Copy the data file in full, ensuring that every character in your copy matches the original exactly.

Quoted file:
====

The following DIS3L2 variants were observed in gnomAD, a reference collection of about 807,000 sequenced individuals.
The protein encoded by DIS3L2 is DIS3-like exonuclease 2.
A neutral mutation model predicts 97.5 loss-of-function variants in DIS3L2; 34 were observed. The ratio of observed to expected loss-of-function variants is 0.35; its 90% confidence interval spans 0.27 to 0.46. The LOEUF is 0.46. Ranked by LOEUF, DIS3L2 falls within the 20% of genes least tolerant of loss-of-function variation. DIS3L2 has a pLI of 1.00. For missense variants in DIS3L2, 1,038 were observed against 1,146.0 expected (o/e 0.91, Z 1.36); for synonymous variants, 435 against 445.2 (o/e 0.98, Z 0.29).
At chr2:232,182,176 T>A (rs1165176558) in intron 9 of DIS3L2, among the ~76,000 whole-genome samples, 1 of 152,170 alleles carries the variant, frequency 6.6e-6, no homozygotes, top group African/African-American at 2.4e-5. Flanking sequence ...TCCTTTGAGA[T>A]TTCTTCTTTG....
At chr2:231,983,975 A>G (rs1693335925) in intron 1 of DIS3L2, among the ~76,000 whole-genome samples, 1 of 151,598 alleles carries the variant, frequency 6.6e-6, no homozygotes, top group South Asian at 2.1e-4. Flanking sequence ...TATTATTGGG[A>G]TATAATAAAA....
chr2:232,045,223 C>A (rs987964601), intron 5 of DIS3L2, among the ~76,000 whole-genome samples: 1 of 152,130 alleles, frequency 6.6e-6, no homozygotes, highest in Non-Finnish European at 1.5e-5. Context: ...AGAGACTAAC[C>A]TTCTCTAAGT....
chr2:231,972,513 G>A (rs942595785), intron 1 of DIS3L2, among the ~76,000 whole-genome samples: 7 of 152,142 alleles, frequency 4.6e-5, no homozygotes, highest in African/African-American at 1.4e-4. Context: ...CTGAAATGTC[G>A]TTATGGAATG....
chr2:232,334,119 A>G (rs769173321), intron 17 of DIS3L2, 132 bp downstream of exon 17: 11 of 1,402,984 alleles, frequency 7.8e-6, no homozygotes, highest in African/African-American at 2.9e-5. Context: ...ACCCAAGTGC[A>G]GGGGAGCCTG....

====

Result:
The following DIS3L2 variants were observed in gnomAD, a reference collection of about 807,000 sequenced individuals.
The protein encoded by DIS3L2 is DIS3-like exonuclease 2.
A neutral mutation model predicts 97.5 loss-of-function variants in DIS3L2; 34 were observed. The ratio of observed to expected loss-of-function variants is 0.35; its 90% confidence interval spans 0.27 to 0.46. The LOEUF is 0.46. Ranked by LOEUF, DIS3L2 falls within the 20% of genes least tolerant of loss-of-function variation. DIS3L2 has a pLI of 1.00. For missense variants in DIS3L2, 1,038 were observed against 1,146.0 expected (o/e 0.91, Z 1.36); for synonymous variants, 435 against 445.2 (o/e 0.98, Z 0.29).
At chr2:232,182,176 T>A (rs1165176558) in intron 9 of DIS3L2, among the ~76,000 whole-genome samples, 1 of 152,170 alleles carries the variant, frequency 6.6e-6, no homozygotes, top group African/African-American at 2.4e-5. Flanking sequence ...TCCTTTGAGA[T>A]TTCTTCTTTG....
At chr2:231,983,975 A>G (rs1693335925) in intron 1 of DIS3L2, among the ~76,000 whole-genome samples, 1 of 151,598 alleles carries the variant, frequency 6.6e-6, no homozygotes, top group South Asian at 2.1e-4. Flanking sequence ...TATTATTGGG[A>G]TATAATAAAA....
chr2:232,045,223 C>A (rs987964601), intron 5 of DIS3L2, among the ~76,000 whole-genome samples: 1 of 152,130 alleles, frequency 6.6e-6, no homozygotes, highest in Non-Finnish European at 1.5e-5. Context: ...AGAGACTAAC[C>A]TTCTCTAAGT....
chr2:231,972,513 G>A (rs942595785), intron 1 of DIS3L2, among the ~76,000 whole-genome samples: 7 of 152,142 alleles, frequency 4.6e-5, no homozygotes, highest in African/African-American at 1.4e-4. Context: ...CTGAAATGTC[G>A]TTATGGAATG....
chr2:232,334,119 A>G (rs769173321), intron 17 of DIS3L2, 132 bp downstream of exon 17: 11 of 1,402,984 alleles, frequency 7.8e-6, no homozygotes, highest in African/African-American at 2.9e-5. Context: ...ACCCAAGTGC[A>G]GGGGAGCCTG....